The Holy Mosque in Mecca has been widely written about and depicted by both Muslim and non-Muslim travelers. The invention of photography in the mid-19th century offered a new way to document the Kaaba, its precincts, and its pilgrims.
The first photograph of the Kaaba was taken by Egyptian military functionary Muhammad Sadiq Bey (d. 1902 CE) while he was accompanying the caravan bringing the kiswa during Hajj. Other pioneering figures include Dutch scholar Christiaan Snouck Hurgronje (d. 1936 CE), the first known Western European photographer to access the Hijaz and Islam’s holiest sanctuaries. During his four-year stay in Mecca from 1886 CE, Hurgronje instructed local physician Al Sayyid ʿAbd al-Ghaffār, who is considered the first Meccan photographer. The fourth person to have published pictorial reports of the Holy Cities appears to be the Indian photographer Mirza (active 1900–1915 CE). After them, many others from different backgrounds followed, all attracted by the powerful spiritual and historical significance of the most sacred sanctuaries of Islam.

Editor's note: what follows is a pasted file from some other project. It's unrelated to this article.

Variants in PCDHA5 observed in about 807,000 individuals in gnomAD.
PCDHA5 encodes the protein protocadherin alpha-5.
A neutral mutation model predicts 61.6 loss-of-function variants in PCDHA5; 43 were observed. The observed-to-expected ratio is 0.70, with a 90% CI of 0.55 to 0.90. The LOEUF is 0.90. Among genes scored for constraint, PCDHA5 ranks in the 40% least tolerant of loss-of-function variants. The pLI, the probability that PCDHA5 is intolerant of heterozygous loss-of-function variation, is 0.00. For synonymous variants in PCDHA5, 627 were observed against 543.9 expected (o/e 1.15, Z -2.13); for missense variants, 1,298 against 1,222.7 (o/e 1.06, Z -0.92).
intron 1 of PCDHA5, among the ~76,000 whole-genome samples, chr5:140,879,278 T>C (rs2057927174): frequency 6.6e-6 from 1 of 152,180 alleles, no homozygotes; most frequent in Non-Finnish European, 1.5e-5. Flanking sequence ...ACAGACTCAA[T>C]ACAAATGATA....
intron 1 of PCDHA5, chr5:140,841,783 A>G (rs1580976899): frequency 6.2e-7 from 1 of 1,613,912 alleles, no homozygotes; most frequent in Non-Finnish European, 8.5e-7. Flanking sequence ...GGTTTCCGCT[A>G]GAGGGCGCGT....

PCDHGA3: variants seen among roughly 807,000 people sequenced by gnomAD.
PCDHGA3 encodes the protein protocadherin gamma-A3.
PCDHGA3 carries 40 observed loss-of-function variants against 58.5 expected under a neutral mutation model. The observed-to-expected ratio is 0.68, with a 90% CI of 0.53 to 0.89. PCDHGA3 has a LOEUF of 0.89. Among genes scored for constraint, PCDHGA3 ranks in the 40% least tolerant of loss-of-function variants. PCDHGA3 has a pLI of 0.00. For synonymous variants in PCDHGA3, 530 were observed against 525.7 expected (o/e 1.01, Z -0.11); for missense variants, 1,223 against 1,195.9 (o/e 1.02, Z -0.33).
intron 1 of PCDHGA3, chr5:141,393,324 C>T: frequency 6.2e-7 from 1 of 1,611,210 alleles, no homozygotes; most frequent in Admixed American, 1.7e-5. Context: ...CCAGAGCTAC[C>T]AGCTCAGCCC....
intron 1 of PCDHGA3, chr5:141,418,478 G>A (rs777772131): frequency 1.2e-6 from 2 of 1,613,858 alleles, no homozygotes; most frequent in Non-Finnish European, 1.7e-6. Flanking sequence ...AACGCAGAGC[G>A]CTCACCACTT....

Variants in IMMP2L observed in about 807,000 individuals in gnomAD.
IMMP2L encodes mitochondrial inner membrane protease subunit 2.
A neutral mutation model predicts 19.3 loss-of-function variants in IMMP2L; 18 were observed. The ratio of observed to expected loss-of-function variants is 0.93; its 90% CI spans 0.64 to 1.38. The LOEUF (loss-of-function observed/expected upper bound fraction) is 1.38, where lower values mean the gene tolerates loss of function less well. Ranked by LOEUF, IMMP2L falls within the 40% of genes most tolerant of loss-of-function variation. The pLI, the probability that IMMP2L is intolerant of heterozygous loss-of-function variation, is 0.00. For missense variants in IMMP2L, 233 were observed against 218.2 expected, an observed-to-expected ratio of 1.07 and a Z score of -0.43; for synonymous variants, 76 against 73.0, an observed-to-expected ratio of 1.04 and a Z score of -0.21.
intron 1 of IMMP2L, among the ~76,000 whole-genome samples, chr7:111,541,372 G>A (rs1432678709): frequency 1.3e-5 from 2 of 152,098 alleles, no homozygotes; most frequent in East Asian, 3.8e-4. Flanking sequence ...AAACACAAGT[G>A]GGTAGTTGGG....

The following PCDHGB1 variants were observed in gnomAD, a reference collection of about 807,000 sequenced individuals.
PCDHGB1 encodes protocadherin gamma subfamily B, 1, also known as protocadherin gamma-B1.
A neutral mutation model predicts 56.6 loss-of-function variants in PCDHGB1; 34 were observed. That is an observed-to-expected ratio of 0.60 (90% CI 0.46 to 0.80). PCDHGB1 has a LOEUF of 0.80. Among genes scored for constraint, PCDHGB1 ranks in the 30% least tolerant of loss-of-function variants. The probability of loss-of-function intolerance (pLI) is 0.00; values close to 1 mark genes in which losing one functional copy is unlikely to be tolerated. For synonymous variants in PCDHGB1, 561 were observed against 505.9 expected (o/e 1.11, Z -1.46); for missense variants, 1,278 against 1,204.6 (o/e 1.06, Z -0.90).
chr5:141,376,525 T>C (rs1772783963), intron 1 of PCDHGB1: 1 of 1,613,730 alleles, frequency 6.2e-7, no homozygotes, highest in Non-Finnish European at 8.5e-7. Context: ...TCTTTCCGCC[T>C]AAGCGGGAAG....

Early photographs of Mecca are a unique primary source for studying the changes that have affected the Kaaba and its surroundings during what is perhaps the most rapidly changing period of its existence. These early photographs also enabled Muslims around the world — especially those who were unable to make the pilgrimage themselves — to share a devotional visual experience of the first House of God.
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Mecca and its Surroundings
Muḥammad Ṣādiq Bek (d. 1320 AH/1902 CE)
Albumen print, approximately 1880
Bird’s-eye View of the Kaaba and Masjid al-Ḥarām after a Flood
Gelatin silver print, approximately 1920
H. A. Mirza & Sons (active between 1900 and 1915)
Gelatin silver prints, between 1900 and 1904